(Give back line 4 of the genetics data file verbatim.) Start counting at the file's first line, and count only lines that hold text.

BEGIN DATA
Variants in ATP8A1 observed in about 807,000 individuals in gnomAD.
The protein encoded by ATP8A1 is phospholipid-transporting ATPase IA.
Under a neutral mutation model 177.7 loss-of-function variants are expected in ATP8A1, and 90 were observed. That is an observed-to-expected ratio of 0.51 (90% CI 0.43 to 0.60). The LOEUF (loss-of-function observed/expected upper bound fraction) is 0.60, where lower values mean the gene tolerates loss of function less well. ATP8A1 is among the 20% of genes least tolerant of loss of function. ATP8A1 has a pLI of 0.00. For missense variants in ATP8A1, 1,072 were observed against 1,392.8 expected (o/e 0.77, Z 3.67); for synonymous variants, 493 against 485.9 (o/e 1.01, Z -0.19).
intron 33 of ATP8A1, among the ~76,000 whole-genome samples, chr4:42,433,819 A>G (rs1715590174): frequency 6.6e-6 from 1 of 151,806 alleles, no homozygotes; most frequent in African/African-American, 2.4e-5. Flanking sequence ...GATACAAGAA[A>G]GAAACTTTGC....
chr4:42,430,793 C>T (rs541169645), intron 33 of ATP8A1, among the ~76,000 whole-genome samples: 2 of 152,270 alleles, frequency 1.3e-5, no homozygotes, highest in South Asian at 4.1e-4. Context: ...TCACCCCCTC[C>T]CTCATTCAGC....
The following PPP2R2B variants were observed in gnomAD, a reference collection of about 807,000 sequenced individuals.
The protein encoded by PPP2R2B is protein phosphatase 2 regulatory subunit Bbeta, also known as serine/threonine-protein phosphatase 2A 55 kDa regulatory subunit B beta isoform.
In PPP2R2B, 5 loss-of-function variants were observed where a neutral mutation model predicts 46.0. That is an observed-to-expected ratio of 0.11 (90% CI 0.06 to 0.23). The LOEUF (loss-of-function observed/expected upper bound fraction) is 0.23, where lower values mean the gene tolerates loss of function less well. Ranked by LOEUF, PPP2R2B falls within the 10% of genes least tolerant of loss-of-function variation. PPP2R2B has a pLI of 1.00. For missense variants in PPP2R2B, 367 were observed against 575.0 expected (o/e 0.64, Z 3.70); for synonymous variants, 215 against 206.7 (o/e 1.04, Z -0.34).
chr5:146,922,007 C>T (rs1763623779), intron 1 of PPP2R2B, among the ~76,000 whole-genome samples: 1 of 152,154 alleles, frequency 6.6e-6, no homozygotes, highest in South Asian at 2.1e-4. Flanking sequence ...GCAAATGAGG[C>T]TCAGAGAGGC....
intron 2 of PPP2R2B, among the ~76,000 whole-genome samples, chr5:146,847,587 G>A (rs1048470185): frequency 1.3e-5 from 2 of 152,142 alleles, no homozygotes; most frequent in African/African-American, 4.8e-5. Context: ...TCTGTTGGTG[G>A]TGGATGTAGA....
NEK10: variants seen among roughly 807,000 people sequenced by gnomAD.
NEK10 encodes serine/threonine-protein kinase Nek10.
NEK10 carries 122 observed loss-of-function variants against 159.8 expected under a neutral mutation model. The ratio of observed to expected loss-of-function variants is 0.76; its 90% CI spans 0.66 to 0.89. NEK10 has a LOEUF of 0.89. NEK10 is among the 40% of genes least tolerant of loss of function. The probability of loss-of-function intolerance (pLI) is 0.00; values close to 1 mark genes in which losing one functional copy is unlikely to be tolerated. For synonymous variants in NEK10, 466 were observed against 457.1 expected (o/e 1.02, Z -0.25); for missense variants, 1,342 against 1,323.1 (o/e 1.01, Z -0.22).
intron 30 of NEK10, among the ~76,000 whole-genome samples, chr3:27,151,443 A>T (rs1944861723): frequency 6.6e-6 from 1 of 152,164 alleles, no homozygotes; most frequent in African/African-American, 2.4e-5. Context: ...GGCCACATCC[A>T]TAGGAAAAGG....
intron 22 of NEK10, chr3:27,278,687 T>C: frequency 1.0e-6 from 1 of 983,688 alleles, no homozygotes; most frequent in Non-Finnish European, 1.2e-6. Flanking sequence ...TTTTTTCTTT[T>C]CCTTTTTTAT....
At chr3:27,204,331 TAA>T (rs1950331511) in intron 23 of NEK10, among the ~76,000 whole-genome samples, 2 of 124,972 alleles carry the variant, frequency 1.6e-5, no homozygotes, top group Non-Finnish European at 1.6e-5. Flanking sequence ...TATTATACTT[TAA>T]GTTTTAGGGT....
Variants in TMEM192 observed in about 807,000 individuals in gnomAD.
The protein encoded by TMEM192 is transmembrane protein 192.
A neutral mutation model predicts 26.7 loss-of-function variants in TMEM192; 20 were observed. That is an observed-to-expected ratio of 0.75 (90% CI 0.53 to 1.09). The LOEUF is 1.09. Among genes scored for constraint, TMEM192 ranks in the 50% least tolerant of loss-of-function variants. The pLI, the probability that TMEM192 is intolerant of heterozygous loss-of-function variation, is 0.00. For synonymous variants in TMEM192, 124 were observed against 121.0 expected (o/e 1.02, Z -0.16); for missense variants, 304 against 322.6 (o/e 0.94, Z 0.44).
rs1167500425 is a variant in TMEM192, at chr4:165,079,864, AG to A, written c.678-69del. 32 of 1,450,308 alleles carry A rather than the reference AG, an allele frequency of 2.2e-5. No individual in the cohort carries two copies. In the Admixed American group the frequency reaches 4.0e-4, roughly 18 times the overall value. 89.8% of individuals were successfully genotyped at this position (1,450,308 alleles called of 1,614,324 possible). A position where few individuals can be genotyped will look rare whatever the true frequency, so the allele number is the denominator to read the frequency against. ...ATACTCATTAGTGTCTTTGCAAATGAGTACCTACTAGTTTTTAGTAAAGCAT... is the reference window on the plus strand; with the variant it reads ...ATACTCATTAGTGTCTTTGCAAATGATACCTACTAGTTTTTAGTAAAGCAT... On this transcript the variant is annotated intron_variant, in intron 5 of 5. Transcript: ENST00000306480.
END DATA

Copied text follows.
intron 33 of ATP8A1, among the ~76,000 whole-genome samples, chr4:42,433,819 A>G (rs1715590174): frequency 6.6e-6 from 1 of 151,806 alleles, no homozygotes; most frequent in African/African-American, 2.4e-5. Flanking sequence ...GATACAAGAA[A>G]GAAACTTTGC....